The Qur’anic Idea of Peace Political Studies Association 56
the power of the intellect in understanding the Qur'an is denied. In other styles, theinterpreter initially develops some ideas independently of the Qur'an and thenattempts to accord the verses of the Qur'an to those ideas. As opposed to all thesestyles, what he supports is a style that is compatible with the teachings of the Qur'anitself; that is, ‘the interpretation of the Qur'an by the Qur'an’. Tabatabai’s rationalist-Qur’anic style is based on two chief suppositions: (1) the supposition of rationality ofthe Qur’anic views and judgments understandable by human intellect; and (2) thesupposition of internal consistency of the Qur'an.Tabatabai argues that the validity of the Qur'an itself derives from someintellectual demonstrations, and hence the intellect should be valid in comprehensionof the verses of the Qur'an; a view that the Qur’an itself confirms. In addition, heargues that the Qur'an uniquely enjoys perfect internal consistency.
Major evidencefrom the Qur'an is the following verse:
‘Do they not ponder about the Qur'an? Had it beenfrom other than God, surely they would have found therein so many contradictions’
Tabatabai infers from this verse that, firstly, the Qur'an is comprehensible by ordinarypeople, because this verse condemns people for not pondering about the Qur'an.Secondly, the verses of the Qur'an interpret each other, because this verse rejects thelikelihood of inconsistency in the Qur'an; a fact that is mentioned among evidences ofits being revealed from God.
According to this methodology, one should look at the Qur'an in its totality andattempt to reconcile any initial inconsistency between different verses regarding anygiven subject. Therefore, with regard to exploring the Qur'anic idea of war and peace,it is unacceptable to confine our view to some selected verses of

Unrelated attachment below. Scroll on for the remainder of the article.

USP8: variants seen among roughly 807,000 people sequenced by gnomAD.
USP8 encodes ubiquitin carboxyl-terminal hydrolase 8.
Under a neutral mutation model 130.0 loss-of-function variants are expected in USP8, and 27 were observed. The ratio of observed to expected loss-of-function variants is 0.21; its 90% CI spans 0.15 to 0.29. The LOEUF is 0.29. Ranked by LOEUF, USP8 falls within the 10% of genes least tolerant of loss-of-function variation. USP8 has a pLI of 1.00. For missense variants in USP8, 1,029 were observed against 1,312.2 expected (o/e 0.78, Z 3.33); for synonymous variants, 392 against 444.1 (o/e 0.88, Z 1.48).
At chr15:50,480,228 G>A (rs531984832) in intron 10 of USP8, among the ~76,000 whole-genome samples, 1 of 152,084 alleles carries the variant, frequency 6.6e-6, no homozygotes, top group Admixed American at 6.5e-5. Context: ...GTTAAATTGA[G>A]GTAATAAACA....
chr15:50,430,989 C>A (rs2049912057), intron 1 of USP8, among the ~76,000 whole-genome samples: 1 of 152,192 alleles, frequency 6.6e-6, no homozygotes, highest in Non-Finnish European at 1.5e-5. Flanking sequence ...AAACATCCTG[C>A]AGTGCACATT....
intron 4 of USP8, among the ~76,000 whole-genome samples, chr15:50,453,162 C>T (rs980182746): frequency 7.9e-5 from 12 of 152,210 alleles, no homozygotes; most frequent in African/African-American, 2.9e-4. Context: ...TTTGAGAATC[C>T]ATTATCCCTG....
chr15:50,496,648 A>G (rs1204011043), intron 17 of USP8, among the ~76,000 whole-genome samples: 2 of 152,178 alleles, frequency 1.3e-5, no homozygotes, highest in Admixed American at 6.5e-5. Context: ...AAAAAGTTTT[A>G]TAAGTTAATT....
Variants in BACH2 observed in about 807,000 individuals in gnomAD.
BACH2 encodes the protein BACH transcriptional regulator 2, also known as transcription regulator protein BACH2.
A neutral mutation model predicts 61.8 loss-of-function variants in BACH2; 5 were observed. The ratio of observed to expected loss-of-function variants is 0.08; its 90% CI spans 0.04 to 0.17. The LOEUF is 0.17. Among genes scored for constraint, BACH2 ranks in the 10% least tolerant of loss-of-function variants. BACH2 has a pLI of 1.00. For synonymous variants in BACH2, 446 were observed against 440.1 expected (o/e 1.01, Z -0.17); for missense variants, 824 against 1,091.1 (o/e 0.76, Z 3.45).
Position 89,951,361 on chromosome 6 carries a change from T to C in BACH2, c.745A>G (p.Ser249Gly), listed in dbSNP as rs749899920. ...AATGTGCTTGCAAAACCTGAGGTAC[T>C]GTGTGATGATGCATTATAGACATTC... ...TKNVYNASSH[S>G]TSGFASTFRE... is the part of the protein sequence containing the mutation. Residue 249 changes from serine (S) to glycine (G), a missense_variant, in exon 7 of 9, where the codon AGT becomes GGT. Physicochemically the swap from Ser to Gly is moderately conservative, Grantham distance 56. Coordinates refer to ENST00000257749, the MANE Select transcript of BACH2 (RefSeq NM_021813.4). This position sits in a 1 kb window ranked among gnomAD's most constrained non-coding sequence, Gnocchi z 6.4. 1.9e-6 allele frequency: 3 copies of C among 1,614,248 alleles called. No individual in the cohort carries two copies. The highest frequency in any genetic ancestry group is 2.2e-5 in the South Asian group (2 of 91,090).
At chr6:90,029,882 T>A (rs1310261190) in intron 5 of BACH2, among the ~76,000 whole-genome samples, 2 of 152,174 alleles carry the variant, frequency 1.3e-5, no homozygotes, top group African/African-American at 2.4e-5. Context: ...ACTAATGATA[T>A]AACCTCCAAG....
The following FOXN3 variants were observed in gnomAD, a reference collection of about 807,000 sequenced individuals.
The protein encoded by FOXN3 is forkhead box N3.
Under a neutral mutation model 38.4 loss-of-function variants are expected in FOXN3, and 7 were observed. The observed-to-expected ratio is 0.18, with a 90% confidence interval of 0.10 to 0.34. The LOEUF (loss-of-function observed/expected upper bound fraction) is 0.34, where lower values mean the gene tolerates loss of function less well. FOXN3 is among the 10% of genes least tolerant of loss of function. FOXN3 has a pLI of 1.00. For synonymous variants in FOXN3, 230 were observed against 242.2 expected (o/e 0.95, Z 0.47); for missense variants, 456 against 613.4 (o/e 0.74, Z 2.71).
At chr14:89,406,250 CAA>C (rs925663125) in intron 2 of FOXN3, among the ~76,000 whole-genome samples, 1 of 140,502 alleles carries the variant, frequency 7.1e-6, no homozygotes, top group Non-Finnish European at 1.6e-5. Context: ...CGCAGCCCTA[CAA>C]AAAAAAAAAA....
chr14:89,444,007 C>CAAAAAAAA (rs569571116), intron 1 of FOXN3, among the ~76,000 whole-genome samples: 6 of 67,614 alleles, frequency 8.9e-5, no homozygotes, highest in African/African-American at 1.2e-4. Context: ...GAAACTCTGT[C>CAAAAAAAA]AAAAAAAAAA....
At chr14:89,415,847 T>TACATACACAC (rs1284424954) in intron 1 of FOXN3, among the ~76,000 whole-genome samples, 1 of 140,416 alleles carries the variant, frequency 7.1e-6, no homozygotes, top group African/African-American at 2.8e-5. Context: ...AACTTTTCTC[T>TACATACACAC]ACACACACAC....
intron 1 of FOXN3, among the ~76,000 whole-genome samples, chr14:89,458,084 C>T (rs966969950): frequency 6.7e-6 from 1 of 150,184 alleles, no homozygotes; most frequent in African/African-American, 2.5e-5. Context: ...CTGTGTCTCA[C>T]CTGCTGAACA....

and forget theverses of peace. Equally unacceptable is ignorance about the context, in which theverses of
were revealed, as well as ignorance about other subjects that arerelated to the issue of religious obligations in managing the internal and externalrelations of Islamic societies. Using Tabatabai’s methodology in the interpretation ofthe Qur'an and his views regarding war and peace,
this paper attempts to show that the Qur’anic picture of war and peace is different from what is commonly supposed by non-Muslims
The Qur’anic Appreciation of Peace
When the Qur’an engages in the moral duty of Muslims towards non-Muslims,the term it uses to show its appreciation of the peaceful settlement of disputes is often
and its derivatives.
and its derivatives, such as
, mean compromise, peace, health, security, protection, obedience,acceptance, and the like.
The Qur’an uses these terms in many places in the literalmeanings mentioned above.
An alternative term, which the Qur’an rarely employs torecommend the legitimate way of settlement of disputes, is
meaning peace,compromise, and reconciliation.
derives from the term
meaning one’sultimate ability. Hence,
means to make one’s ultimate effort of any form and totolerate difficulties in order to arrive at a goal. Also,
means military combat withone’s enemy, as a form of using one’s ultimate ability to arrive at a goal.
The specificQur’anic term for military combat is
, which derive from the term
meaning killing. The terms
indicate a situation, in which atleast two sides engage in violent conflict resulting in losing lives in both sides. Hence,the Qur'anic terms
are equal to the English term war.
Hamid Hadji Haidar Faculty of Oriental Studies – University of Cambridge(3)